POTAMO TOWNSHIP, Minn. — “Second marriages,” I heard a pastor say once, “Are a triumph of hope over experience.” Those words were spoken in 1992 at a small church in Waseca, Minn., as my paternal grandfather got remarried a few years after my grandmother had lost her battle with cancer.

Roy “Red” Myers was a fixture at our deer camp in Lake of the Woods County nearly every year from the mid-1970s until he died in 2008, a few days shy of his 95th birthday. He was our camp chef until he handed off the reins to a grandson with a propensity for writing. The last buck he dropped with a single shot from his Winchester 351 is still one of the legendary trophies from our family’s decades of hunting across four generations.

Memories of hunting partners like him are seemingly always in mind when one visits the deer camp at any time of year. Such was the case on a recent cool but pleasant weekend in September, during two days of prepping for the coming rifle season.

Based on the results of recent years, where hearing the not-distant-enough wail of the timberwolf is as common or more than the sight of a deer while hunting, preparing for deer season is, like a second marriage, a triumph of hope over experience.

In the more successful deer seasons of the past, when our party of between eight and 10 family members and friends has had close to perfect opening days, the biggest challenge has been finding places in the shed to hang all the tagged deer. In the 39 previous seasons that I have found my way to a spot in the woods south of Williams, Minn., the success rate has varied wildly. Factors like tough winters, Minnesota Department of Natural Resources management policies, a new power line constructed within sight of our camp (and the disruption to wildlife movement caused by the months of cutting and construction), a massive miles-long fence put up by a now-deceased neighbor and the “successful” growth of the wolf population in the region can all contribute to a dearth of deer in this particular area come the opening weekend of November.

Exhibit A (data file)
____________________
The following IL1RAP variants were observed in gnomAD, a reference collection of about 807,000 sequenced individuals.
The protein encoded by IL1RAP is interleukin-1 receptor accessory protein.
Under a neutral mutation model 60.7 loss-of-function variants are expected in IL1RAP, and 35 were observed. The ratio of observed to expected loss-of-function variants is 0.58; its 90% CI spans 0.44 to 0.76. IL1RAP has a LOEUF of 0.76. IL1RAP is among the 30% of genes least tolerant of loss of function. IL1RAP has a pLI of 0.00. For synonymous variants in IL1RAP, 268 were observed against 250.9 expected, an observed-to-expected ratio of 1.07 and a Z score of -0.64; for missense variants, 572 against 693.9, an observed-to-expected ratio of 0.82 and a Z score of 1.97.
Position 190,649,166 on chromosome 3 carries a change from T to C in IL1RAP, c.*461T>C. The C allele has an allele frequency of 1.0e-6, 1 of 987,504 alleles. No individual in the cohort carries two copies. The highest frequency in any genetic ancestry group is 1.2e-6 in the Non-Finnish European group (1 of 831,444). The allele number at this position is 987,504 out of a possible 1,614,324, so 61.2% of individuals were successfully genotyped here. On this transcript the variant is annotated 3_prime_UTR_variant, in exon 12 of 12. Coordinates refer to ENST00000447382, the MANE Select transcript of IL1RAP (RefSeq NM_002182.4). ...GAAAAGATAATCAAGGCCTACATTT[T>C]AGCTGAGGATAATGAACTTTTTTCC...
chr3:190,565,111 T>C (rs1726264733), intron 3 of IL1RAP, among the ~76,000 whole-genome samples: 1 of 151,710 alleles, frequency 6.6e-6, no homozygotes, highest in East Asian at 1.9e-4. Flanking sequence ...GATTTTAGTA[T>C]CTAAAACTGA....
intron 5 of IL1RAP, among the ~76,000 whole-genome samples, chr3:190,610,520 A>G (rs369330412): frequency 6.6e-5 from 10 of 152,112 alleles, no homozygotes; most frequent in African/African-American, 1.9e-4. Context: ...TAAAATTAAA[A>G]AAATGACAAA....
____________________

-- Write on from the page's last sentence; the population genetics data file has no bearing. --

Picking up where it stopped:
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Still, to paraphrase non-deer hunter Benjamin Franklin, if one fails to prepare, they are preparing to fail. Hence two sunny early fall days at deer camp spent on myriad simple but enjoyable tasks. Among them: cutting down a few dead trees and testing the bonfire pit, to make sure it is ready to go come the chilly nights of November; clearing brush from around deer stands; checking the sturdiness of ladders and replacing boards as necessary; cleaning a mouse nest out of the heater in one deer stand and getting rid of a basketball-sized hornet nest near the deer camp; mowing the yard and trails; and sighting in rifles for accuracy from both 100 yards and 50 yards.

With enclosed stands to ward off the cold of early winter mornings in the 218, mice are seemingly always an issue, making nests in the small spaces, and filling them with grass, foam, shreds of carpet and whatever else is readily available. The mice live there year-round, and we just visit for a few weekends in November. Still, one cleans out the mess and hopes that they cannot or will not re-establish a new home in the next six weeks.

Then, tired but happy, you drive away and lock the gate, knowing you’ve done all you can, and the rest is in the hands of whatever deity governs the movement of whitetails. Despite the experience of a few disappointing deer seasons in a row, there remains hope for better luck on the 2020 opening morning.